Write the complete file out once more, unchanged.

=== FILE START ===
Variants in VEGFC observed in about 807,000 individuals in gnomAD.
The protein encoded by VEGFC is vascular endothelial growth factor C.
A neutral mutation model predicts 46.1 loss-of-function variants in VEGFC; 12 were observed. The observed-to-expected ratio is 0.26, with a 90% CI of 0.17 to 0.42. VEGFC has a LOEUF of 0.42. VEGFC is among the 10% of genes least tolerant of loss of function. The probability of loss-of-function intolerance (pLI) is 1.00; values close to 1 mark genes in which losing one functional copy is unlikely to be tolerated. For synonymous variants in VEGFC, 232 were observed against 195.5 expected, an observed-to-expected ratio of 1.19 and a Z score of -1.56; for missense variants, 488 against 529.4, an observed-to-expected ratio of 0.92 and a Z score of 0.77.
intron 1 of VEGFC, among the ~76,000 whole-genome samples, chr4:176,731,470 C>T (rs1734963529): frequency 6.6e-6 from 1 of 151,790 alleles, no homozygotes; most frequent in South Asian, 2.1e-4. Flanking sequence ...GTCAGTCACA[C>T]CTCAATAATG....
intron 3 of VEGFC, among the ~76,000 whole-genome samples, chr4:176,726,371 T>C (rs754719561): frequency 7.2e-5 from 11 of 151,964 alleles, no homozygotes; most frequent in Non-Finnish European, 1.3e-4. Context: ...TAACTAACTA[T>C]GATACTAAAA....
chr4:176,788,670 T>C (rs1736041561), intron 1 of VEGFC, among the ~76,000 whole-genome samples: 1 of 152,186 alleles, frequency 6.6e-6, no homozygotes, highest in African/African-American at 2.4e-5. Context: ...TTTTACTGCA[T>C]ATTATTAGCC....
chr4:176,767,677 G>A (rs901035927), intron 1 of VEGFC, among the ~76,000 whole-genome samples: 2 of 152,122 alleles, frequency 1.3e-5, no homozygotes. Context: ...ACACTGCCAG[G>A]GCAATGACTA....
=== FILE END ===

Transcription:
Variants in VEGFC observed in about 807,000 individuals in gnomAD.
The protein encoded by VEGFC is vascular endothelial growth factor C.
A neutral mutation model predicts 46.1 loss-of-function variants in VEGFC; 12 were observed. The observed-to-expected ratio is 0.26, with a 90% CI of 0.17 to 0.42. VEGFC has a LOEUF of 0.42. VEGFC is among the 10% of genes least tolerant of loss of function. The probability of loss-of-function intolerance (pLI) is 1.00; values close to 1 mark genes in which losing one functional copy is unlikely to be tolerated. For synonymous variants in VEGFC, 232 were observed against 195.5 expected, an observed-to-expected ratio of 1.19 and a Z score of -1.56; for missense variants, 488 against 529.4, an observed-to-expected ratio of 0.92 and a Z score of 0.77.
intron 1 of VEGFC, among the ~76,000 whole-genome samples, chr4:176,731,470 C>T (rs1734963529): frequency 6.6e-6 from 1 of 151,790 alleles, no homozygotes; most frequent in South Asian, 2.1e-4. Flanking sequence ...GTCAGTCACA[C>T]CTCAATAATG....
intron 3 of VEGFC, among the ~76,000 whole-genome samples, chr4:176,726,371 T>C (rs754719561): frequency 7.2e-5 from 11 of 151,964 alleles, no homozygotes; most frequent in Non-Finnish European, 1.3e-4. Context: ...TAACTAACTA[T>C]GATACTAAAA....
chr4:176,788,670 T>C (rs1736041561), intron 1 of VEGFC, among the ~76,000 whole-genome samples: 1 of 152,186 alleles, frequency 6.6e-6, no homozygotes, highest in African/African-American at 2.4e-5. Context: ...TTTTACTGCA[T>C]ATTATTAGCC....
chr4:176,767,677 G>A (rs901035927), intron 1 of VEGFC, among the ~76,000 whole-genome samples: 2 of 152,122 alleles, frequency 1.3e-5, no homozygotes. Context: ...ACACTGCCAG[G>A]GCAATGACTA....